"Old cases as new research objects: On biomedical uses of the past" Lara Keurk (Humboldt University of Berlin)
Egenis seminar series
Egenis seminar series. The talk scrutinizes the ways in which histological preparations and medical files of patients that died long ago have been re-used as biomedical resources. It takes the re-assessment of the first cases of Alzheimer’s disease as a case study to follow the scientists’ iterative meandering between learning from the present about the past and learning from the past about the present.
|An Egenis, the Centre for the Study of Life Sciences seminar|
|Date||23 January 2017|
|Time||15:30 to 17:00|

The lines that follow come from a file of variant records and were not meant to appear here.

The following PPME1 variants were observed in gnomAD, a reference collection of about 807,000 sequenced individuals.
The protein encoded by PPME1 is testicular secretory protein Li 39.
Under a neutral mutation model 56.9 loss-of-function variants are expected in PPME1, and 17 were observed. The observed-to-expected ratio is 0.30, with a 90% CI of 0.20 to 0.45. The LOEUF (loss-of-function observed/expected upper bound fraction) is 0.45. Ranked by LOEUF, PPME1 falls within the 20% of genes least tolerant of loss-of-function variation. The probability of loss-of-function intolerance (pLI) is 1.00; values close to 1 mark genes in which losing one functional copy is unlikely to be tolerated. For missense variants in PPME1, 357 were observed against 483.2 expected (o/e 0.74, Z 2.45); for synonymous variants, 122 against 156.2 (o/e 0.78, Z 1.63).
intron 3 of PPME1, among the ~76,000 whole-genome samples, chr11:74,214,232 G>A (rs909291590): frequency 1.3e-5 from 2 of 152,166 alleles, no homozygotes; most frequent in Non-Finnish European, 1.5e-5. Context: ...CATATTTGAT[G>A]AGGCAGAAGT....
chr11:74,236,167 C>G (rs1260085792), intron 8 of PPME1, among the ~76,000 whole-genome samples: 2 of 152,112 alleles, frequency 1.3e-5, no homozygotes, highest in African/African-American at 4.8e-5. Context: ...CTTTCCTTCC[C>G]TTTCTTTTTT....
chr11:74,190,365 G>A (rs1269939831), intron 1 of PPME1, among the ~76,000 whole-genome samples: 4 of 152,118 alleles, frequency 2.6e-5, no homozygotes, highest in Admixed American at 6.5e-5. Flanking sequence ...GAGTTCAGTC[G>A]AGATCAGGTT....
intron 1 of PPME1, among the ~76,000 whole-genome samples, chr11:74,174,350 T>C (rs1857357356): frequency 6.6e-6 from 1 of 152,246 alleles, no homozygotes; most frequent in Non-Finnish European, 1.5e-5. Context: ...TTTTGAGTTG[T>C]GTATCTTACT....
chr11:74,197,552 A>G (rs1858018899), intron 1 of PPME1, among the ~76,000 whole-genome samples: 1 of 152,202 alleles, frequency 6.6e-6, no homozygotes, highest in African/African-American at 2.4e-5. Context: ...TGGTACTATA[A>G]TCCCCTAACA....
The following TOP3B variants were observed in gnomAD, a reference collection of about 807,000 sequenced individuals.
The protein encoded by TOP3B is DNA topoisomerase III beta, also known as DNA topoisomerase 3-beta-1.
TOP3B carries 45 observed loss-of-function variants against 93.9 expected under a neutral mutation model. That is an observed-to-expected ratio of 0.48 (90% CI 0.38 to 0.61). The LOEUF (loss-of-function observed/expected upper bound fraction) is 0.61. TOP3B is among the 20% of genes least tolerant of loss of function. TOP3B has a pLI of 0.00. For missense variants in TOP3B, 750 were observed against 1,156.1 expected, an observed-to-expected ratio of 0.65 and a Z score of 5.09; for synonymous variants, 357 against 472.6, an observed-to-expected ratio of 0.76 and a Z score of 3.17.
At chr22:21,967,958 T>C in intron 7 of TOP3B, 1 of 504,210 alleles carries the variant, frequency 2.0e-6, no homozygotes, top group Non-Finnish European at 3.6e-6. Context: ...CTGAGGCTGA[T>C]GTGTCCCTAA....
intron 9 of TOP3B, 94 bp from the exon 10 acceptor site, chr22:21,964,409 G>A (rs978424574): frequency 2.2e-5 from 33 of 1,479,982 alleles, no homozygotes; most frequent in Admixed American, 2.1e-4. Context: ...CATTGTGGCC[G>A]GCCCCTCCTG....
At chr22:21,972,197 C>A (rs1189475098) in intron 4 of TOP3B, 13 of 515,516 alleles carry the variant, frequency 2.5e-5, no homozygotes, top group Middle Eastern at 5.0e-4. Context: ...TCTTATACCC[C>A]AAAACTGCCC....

In the mid-1990s high-impact medical and scientific journals reported the rediscovery and re-diagnosis of the first cases of Alzheimer’s disease, which were originally described in 1906 and 1911. Such news provokes most historians of science to clarify that this is a Whig interpretation of history and that retrospective diagnosis is anachronistic. Justified as they are, these objections do not help us apprehend what the involved scientists hoped to answer when they started their “hunt” for old brain samples. My paper scrutinizes the ways in which histological preparations and medical files of patients that died long ago have been used as biomedical resources of particular value. I do not evaluate the researchers claims as historical ones, but ask how their “results” were applied to re-establish old cases as prototypes of Alzheimer’s disease.